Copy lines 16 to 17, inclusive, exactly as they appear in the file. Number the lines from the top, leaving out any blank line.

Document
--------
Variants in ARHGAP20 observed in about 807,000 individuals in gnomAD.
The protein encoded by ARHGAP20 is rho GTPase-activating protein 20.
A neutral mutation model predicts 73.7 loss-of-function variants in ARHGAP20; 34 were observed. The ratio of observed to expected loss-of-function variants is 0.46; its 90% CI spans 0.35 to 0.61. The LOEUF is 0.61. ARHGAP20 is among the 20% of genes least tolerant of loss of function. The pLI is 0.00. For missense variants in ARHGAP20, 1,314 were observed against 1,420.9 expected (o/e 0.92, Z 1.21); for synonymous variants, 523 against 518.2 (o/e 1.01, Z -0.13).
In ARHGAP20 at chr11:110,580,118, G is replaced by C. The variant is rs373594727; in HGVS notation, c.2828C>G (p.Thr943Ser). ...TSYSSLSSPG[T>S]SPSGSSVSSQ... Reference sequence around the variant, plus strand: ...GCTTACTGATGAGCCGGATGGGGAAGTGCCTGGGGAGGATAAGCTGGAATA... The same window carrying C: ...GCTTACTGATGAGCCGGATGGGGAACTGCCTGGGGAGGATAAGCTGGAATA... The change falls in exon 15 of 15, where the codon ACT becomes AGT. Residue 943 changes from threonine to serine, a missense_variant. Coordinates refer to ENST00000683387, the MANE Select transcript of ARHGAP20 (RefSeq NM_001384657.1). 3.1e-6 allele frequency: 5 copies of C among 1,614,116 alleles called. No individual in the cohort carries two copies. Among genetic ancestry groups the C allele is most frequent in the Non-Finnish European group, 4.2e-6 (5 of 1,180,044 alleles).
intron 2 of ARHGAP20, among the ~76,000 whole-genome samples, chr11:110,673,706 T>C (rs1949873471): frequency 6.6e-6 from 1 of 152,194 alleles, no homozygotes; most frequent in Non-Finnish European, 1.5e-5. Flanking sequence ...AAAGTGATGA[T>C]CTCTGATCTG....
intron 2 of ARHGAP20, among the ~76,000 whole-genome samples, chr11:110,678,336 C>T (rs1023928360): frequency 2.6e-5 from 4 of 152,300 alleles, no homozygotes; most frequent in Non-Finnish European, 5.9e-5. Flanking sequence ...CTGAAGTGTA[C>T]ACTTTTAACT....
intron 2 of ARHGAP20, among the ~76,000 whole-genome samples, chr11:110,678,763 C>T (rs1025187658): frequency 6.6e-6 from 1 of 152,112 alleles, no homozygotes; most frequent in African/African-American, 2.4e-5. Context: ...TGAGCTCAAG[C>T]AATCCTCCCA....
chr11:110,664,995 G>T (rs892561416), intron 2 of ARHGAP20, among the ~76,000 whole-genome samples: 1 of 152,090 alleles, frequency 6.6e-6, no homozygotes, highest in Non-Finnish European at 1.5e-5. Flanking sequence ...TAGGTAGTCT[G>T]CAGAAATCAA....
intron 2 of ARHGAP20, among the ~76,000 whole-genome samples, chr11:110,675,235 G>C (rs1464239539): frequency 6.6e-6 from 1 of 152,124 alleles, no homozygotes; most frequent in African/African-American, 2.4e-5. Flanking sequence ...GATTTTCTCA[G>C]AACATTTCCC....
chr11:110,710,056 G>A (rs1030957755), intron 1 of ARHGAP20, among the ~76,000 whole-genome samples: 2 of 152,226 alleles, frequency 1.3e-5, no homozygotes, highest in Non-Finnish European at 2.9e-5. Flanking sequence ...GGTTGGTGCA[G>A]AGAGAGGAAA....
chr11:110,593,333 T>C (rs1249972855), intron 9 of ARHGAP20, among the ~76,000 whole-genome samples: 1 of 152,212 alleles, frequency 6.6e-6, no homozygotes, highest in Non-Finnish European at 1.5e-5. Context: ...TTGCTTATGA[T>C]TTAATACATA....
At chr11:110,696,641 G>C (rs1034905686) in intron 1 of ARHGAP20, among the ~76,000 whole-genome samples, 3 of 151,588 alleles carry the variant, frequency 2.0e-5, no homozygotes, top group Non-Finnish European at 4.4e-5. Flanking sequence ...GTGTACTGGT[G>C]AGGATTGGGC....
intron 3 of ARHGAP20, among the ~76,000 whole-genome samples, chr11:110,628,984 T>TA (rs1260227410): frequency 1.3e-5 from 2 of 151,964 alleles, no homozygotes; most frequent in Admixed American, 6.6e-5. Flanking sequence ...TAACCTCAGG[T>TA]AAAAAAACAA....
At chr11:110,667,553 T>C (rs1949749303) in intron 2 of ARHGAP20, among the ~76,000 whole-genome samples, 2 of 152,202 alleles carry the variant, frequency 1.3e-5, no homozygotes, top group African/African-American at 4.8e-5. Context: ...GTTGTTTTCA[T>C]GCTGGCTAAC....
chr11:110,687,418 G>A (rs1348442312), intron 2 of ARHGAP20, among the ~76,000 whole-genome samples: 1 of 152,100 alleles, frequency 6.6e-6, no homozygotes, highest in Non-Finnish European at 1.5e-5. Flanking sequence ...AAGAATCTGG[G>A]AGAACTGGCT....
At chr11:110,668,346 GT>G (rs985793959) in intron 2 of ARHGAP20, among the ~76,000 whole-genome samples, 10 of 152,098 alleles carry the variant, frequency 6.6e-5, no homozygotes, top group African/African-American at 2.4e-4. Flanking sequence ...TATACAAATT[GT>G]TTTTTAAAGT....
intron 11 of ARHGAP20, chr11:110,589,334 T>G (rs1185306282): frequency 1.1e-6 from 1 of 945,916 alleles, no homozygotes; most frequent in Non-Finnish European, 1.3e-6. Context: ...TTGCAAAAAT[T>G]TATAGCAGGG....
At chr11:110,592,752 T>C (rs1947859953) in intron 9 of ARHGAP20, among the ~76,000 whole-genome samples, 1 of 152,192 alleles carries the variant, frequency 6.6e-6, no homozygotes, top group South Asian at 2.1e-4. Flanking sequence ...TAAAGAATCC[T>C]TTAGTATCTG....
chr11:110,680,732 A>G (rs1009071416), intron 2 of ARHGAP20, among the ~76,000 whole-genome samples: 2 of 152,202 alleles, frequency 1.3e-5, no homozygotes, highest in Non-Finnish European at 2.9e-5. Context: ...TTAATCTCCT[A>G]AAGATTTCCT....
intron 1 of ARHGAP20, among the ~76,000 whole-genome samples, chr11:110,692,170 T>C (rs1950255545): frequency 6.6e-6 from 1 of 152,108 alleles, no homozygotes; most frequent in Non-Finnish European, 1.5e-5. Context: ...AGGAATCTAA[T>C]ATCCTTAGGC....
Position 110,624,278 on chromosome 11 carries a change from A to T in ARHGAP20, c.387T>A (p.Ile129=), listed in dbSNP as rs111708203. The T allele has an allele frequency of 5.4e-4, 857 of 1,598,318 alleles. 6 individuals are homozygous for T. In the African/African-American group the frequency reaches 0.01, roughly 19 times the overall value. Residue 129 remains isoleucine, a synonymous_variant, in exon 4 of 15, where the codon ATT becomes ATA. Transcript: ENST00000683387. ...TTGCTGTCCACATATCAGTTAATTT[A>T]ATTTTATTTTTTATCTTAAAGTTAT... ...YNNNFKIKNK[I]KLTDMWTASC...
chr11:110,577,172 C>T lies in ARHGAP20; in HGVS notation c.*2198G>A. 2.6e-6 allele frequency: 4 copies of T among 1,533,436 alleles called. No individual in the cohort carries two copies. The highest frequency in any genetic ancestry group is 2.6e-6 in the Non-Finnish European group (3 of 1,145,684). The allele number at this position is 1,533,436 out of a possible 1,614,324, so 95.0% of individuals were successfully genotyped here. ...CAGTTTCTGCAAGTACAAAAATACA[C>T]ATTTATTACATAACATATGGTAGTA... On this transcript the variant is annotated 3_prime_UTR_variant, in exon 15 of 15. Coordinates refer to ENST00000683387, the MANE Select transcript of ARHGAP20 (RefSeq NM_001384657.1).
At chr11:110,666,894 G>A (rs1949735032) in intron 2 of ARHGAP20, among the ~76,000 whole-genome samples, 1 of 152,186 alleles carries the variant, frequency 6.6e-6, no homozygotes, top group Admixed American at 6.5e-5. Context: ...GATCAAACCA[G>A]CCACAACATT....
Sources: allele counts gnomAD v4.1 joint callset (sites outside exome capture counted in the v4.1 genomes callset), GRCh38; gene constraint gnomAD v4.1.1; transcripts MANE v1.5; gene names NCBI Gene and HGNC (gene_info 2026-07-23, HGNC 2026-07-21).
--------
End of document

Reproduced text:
At chr11:110,668,346 GT>G (rs985793959) in intron 2 of ARHGAP20, among the ~76,000 whole-genome samples, 10 of 152,098 alleles carry the variant, frequency 6.6e-5, no homozygotes, top group African/African-American at 2.4e-4. Flanking sequence ...TATACAAATT[GT>G]TTTTTAAAGT....
intron 11 of ARHGAP20, chr11:110,589,334 T>G (rs1185306282): frequency 1.1e-6 from 1 of 945,916 alleles, no homozygotes; most frequent in Non-Finnish European, 1.3e-6. Context: ...TTGCAAAAAT[T>G]TATAGCAGGG....